Is Karl Marx turning out to be right? ibid.
For Marx, the best argument against capitalism is that it was inherently unfair ... Karl Marx had the most radical advice of all: get rid of it. ibid.
It’s what he said about capitalism that rings so true today. ibid.
For Marx, it all begins with private property. ibid.
They always need to make more profit. But in seeking out profit, they end up eroding the basis on which it’s made. ibid.
He saw capitalism as endlessly adaptable. ibid.
Credit provided an answer to all of capitalism’s woes. But only for a while. Remember, Marx thought the system was fundamentally flawed. ibid.
Capitalism’s only ever as strong as its latest temporary fix. ibid.
But the idea that low wages may have contributed to the crisis is gaining ground. ibid.
Marx would insist the trap is inescapable. ibid.
Nobody else has been able to describe a convincing alternative to capitalism either. ibid.
Could there ever be an alternative to capitalism? ibid.
Marx died in 1883 ... Did Marx change the world? Of course he did. ibid.
I gave up a long time ago pretending that I knew stuff I didn’t know … It would be total fakery if I said I knew anything about any of those things. Steven Levitt, cited Stephen J Dubner, economist, article The New York Times magazine 3rd August 2003 ‘The Probability That a Real-Estate Agent is Cheating You’; viz Steven D Levitt & Stephen J Dubner, ‘Freakonomics’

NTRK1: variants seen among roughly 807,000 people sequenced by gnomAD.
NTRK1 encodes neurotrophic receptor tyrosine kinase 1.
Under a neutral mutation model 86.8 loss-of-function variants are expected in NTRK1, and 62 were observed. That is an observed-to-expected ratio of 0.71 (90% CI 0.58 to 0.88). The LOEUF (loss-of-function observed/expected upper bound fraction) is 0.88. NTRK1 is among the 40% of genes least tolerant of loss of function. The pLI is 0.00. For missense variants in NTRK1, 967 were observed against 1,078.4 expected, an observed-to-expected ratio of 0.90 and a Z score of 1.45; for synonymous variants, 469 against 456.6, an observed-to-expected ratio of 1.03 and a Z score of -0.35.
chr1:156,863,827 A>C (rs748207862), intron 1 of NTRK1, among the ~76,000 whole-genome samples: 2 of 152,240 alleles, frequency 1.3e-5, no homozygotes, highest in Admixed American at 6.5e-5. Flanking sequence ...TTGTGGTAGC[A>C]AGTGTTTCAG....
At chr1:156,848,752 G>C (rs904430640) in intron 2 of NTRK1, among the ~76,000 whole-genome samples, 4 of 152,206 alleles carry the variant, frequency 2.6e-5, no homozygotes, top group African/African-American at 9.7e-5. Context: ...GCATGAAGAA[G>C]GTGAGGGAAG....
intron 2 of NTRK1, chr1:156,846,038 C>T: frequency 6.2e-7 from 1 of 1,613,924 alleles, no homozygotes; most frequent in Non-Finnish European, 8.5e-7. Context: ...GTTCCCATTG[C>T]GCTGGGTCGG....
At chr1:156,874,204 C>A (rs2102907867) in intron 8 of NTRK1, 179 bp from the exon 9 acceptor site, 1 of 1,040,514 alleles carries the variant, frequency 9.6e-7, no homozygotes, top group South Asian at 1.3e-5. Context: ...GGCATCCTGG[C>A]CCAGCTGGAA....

The greatest change, however, is within the scholarly ranks. Microeconomists are gaining on the macro crowd, empiricists gaining on the theorists. Behavioral economists have called into doubt the very notion of ‘homo economicus’, the supposedly rational decision-maker in each of us. Young economists of every stripe are more inclined to work on real-world subjects and dip into bordering disciplines – psychology, criminology, sociology, even neurology – with the intent of rescuing their science from its slavish dependence upon mathematical models. ibid.
Economics tries to be a pure science in an impure world. Economists imagine men and women as rational actors in a marketplace that hides nothing from buyers and sellers. Steven D Levitt and Stephen J Dubner, Freakonomics, Sky Atlantic, caption; viz also novel
Economics is, at root, the study of incentives: how people get what they want, or need, especially when other people want or need the same thing. Economists love incentives. Steven D Levitt & Stephen J Dubner, Freakonomics
Studies have shown virtually no link between the economy and violent crime … Unless that is, ‘the economy’ is construed in a broader sense. ibid.
It was my worst nightmare coming true. Brooksley Born, re 2008 crash
We will have continuing danger from these markets, and that we will have repeats of the financial crisis ... until we learn from experience. Brooksley Born
We’re trying to protect the money of the American people. Brooksley Born
I’m opposed to all forms of control. Ayn Rand